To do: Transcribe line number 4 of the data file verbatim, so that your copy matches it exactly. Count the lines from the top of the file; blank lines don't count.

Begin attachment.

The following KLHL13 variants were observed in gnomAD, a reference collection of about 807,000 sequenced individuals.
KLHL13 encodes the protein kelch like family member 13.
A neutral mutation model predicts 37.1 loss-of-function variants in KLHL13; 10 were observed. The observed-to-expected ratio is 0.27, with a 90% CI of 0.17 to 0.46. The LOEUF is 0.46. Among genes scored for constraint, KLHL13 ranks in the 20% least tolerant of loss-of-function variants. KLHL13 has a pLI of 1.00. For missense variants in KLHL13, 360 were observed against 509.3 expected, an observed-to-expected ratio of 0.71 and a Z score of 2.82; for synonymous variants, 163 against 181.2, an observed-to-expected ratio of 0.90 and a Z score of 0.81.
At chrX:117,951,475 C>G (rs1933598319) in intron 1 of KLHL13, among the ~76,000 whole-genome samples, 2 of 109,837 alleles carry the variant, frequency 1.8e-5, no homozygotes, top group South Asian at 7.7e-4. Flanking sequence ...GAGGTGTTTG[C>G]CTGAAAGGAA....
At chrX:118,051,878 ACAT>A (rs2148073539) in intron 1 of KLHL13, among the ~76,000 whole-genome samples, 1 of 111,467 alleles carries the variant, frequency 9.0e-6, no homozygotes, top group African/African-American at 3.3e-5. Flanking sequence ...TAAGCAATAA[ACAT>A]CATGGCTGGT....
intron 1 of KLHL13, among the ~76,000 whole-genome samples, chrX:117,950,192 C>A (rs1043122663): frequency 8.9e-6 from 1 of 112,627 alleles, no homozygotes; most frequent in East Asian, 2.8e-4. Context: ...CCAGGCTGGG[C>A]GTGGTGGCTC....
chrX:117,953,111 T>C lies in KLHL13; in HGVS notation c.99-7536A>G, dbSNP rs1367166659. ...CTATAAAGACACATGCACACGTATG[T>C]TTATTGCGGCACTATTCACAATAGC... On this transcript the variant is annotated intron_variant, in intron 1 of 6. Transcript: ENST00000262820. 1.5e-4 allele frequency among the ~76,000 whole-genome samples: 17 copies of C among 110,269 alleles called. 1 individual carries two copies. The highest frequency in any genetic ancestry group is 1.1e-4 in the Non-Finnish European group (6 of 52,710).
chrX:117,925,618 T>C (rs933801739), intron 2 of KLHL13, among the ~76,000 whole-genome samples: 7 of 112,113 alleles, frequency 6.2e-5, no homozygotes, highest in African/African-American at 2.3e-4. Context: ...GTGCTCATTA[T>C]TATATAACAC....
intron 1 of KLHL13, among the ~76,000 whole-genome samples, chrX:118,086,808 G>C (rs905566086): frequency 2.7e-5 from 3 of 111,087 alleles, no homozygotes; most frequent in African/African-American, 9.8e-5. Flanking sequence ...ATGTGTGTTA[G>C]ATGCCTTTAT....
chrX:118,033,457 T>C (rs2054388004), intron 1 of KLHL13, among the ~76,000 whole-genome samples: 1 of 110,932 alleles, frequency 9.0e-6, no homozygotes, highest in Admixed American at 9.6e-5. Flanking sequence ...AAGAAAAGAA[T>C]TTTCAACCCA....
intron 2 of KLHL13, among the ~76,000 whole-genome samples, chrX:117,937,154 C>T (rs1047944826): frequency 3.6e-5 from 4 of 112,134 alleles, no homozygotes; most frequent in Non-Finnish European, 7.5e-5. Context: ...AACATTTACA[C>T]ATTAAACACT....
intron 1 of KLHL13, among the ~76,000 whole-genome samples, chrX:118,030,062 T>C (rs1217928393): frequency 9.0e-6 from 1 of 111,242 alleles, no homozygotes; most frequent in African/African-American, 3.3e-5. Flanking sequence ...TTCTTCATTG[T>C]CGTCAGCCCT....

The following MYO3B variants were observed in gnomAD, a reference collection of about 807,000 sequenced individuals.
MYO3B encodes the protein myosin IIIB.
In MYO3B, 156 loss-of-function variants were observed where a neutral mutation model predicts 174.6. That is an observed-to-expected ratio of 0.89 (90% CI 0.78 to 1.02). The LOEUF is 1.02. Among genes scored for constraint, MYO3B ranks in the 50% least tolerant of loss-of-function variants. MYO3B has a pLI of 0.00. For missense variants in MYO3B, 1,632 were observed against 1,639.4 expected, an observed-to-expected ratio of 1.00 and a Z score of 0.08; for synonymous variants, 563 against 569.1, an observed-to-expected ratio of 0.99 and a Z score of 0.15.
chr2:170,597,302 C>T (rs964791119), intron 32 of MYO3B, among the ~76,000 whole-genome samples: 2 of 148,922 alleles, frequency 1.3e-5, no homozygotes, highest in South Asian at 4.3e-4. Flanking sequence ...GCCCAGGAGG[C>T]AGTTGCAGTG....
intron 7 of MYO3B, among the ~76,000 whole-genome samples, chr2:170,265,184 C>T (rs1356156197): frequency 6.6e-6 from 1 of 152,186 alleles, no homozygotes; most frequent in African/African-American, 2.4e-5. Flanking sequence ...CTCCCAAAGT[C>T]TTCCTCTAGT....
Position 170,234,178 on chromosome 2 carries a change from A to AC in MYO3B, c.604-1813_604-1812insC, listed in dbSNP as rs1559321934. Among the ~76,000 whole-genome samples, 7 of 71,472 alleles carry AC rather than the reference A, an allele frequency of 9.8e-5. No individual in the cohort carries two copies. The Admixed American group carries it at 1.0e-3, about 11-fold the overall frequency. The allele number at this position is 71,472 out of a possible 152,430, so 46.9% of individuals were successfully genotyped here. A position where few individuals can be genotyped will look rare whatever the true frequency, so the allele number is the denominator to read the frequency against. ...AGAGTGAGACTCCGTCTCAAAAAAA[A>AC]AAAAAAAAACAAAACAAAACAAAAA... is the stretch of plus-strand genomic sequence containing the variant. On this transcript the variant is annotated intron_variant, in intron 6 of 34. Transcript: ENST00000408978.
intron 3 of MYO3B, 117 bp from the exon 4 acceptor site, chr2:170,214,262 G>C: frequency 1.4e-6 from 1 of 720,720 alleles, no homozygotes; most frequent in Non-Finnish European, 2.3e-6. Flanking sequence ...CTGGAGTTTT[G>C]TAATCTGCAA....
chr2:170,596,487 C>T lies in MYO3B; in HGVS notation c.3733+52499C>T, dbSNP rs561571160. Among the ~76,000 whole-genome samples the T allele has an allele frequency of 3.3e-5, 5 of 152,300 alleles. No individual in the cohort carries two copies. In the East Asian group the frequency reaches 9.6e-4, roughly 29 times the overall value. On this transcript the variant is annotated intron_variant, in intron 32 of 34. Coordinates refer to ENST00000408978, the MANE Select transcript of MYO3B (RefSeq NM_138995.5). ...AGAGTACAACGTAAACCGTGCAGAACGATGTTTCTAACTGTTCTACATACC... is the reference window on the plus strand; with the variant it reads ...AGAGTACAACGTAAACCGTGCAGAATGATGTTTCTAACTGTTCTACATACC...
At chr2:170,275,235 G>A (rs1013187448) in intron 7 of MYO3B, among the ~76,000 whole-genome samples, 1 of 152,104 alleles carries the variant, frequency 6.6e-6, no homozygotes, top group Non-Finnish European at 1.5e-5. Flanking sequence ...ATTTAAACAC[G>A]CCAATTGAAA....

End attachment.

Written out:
At chrX:117,951,475 C>G (rs1933598319) in intron 1 of KLHL13, among the ~76,000 whole-genome samples, 2 of 109,837 alleles carry the variant, frequency 1.8e-5, no homozygotes, top group South Asian at 7.7e-4. Flanking sequence ...GAGGTGTTTG[C>G]CTGAAAGGAA....